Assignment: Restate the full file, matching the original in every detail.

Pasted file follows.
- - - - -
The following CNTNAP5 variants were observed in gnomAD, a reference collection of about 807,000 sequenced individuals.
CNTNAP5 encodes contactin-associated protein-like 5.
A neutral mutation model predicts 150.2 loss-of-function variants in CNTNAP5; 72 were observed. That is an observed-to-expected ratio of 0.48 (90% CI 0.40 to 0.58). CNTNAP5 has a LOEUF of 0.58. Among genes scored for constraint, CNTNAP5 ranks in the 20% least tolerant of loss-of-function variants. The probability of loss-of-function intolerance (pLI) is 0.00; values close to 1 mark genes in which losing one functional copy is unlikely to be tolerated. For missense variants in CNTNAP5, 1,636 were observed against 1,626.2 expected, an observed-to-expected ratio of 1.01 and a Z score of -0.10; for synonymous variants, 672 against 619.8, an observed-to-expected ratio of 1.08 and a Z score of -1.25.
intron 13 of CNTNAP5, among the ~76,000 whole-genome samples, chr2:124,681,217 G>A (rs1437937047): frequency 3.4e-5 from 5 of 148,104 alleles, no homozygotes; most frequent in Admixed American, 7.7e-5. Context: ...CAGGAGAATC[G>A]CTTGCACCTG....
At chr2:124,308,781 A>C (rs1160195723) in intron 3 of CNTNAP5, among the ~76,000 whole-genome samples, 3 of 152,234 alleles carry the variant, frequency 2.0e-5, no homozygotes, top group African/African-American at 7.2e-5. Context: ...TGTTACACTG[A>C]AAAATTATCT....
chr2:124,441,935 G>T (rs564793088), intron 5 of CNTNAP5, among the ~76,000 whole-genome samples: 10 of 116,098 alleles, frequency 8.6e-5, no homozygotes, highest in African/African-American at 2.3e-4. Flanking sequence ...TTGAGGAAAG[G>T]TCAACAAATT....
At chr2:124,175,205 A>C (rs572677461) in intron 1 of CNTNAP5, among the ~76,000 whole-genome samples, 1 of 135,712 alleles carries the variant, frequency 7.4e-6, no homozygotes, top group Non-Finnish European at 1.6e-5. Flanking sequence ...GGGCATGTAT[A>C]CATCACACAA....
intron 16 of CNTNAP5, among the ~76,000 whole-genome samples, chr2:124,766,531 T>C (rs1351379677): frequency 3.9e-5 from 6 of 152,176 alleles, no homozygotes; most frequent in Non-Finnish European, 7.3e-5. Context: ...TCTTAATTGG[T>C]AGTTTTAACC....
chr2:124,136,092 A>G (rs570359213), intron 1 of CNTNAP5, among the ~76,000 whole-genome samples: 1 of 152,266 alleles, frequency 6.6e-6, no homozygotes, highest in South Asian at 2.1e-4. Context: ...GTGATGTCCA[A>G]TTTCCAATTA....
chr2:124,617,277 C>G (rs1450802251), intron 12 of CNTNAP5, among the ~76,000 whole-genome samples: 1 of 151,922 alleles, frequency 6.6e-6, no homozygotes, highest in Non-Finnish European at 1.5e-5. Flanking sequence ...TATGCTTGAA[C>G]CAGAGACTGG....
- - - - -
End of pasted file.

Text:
The following CNTNAP5 variants were observed in gnomAD, a reference collection of about 807,000 sequenced individuals.
CNTNAP5 encodes contactin-associated protein-like 5.
A neutral mutation model predicts 150.2 loss-of-function variants in CNTNAP5; 72 were observed. That is an observed-to-expected ratio of 0.48 (90% CI 0.40 to 0.58). CNTNAP5 has a LOEUF of 0.58. Among genes scored for constraint, CNTNAP5 ranks in the 20% least tolerant of loss-of-function variants. The probability of loss-of-function intolerance (pLI) is 0.00; values close to 1 mark genes in which losing one functional copy is unlikely to be tolerated. For missense variants in CNTNAP5, 1,636 were observed against 1,626.2 expected, an observed-to-expected ratio of 1.01 and a Z score of -0.10; for synonymous variants, 672 against 619.8, an observed-to-expected ratio of 1.08 and a Z score of -1.25.
intron 13 of CNTNAP5, among the ~76,000 whole-genome samples, chr2:124,681,217 G>A (rs1437937047): frequency 3.4e-5 from 5 of 148,104 alleles, no homozygotes; most frequent in Admixed American, 7.7e-5. Context: ...CAGGAGAATC[G>A]CTTGCACCTG....
At chr2:124,308,781 A>C (rs1160195723) in intron 3 of CNTNAP5, among the ~76,000 whole-genome samples, 3 of 152,234 alleles carry the variant, frequency 2.0e-5, no homozygotes, top group African/African-American at 7.2e-5. Context: ...TGTTACACTG[A>C]AAAATTATCT....
chr2:124,441,935 G>T (rs564793088), intron 5 of CNTNAP5, among the ~76,000 whole-genome samples: 10 of 116,098 alleles, frequency 8.6e-5, no homozygotes, highest in African/African-American at 2.3e-4. Flanking sequence ...TTGAGGAAAG[G>T]TCAACAAATT....
At chr2:124,175,205 A>C (rs572677461) in intron 1 of CNTNAP5, among the ~76,000 whole-genome samples, 1 of 135,712 alleles carries the variant, frequency 7.4e-6, no homozygotes, top group Non-Finnish European at 1.6e-5. Flanking sequence ...GGGCATGTAT[A>C]CATCACACAA....
intron 16 of CNTNAP5, among the ~76,000 whole-genome samples, chr2:124,766,531 T>C (rs1351379677): frequency 3.9e-5 from 6 of 152,176 alleles, no homozygotes; most frequent in Non-Finnish European, 7.3e-5. Context: ...TCTTAATTGG[T>C]AGTTTTAACC....
chr2:124,136,092 A>G (rs570359213), intron 1 of CNTNAP5, among the ~76,000 whole-genome samples: 1 of 152,266 alleles, frequency 6.6e-6, no homozygotes, highest in South Asian at 2.1e-4. Context: ...GTGATGTCCA[A>G]TTTCCAATTA....
chr2:124,617,277 C>G (rs1450802251), intron 12 of CNTNAP5, among the ~76,000 whole-genome samples: 1 of 151,922 alleles, frequency 6.6e-6, no homozygotes, highest in Non-Finnish European at 1.5e-5. Flanking sequence ...TATGCTTGAA[C>G]CAGAGACTGG....